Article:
A pink convoy as Turkish couriers strike for higher pay

By and

ISTANBUL, Feb 3 (Reuters) - A convoy of hundreds of pink-clad delivery bikers rode through Istanbul's pouring rain on Thursday to protest at their employer's headquarters for higher pay, after Turkey's annual inflation leapt to a 20-year high near 50%.

The couriers, who work for the country's largest food delivery company Yemeksepeti, blared horns and waved to supportive drivers as they drove their pink motorcycles in busy traffic.

The drivers say they have been offered a 17% wage hike to 4,250 lira ($314) - the minimum wage level - but they are seeking a net 5,500 lira. Couriers with other companies have taken similar strike action over pay in recent weeks.

"We barely make ends meet. I have no savings. After paying the bills, the rent, kitchen expenses and my child's expenses, I don't even have a penny in my pocket at the end of the month," said courier Sinan Inan, who has been with the company for almost a year and says he works up to 12 hours a day.

Yemeksepeti declined to comment on the strike.

Turkish President Tayyip Erdogan's push for unorthodox interest rate cuts and a resulting lira crash late last year drove inflation to 48.69% in January, eating deeply into the earnings of workers facing soaring living costs. read more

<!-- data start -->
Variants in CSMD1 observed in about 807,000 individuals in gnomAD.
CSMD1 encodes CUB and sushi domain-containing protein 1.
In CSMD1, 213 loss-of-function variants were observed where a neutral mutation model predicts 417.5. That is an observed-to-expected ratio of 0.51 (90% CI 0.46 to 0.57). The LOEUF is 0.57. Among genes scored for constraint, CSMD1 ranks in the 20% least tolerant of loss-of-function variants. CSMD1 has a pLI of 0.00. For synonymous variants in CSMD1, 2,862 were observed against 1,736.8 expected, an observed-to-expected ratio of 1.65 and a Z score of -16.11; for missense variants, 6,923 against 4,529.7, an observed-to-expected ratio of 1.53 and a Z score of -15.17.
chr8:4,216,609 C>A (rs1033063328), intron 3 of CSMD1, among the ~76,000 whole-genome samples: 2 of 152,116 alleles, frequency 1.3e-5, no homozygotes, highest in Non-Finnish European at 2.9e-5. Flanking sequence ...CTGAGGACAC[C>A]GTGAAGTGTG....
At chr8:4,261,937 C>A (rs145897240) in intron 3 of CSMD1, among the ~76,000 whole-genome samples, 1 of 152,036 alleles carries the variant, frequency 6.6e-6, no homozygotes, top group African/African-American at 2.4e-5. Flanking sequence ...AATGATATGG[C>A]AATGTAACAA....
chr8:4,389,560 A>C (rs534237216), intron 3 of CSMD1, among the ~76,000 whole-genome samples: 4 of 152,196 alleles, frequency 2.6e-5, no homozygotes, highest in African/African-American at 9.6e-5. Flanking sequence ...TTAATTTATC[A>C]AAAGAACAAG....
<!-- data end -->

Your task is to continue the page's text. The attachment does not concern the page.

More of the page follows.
"I cannot afford anything with 4,250 lira," said Murat Ergen, another Yemeksepeti food driver. "What can I buy with this wage? Look, I don't even have gloves because I am buying those on my own as well."

The couriers said they began striking on Feb. 1 after failing to reach an agreement with the company on a pay rise and better working conditions.

The company was Turkey's first online food deliverer when it launched in 2001, and now has more than 27 million users and more than 60,000 member restaurants. In 2015 it was bought by the German-based Delivery Hero (DHER.DE).

"We can't afford our daily needs, you know? If you want to live like a human, you have to get a higher salary. If they don't give us this, we will continue this strike," said Firat Diler, another company courier.

Writing by Daren Butler; Editing by Jonathan Spicer and Janet Lawrence

Our Standards: The Thomson Reuters Trust Principles.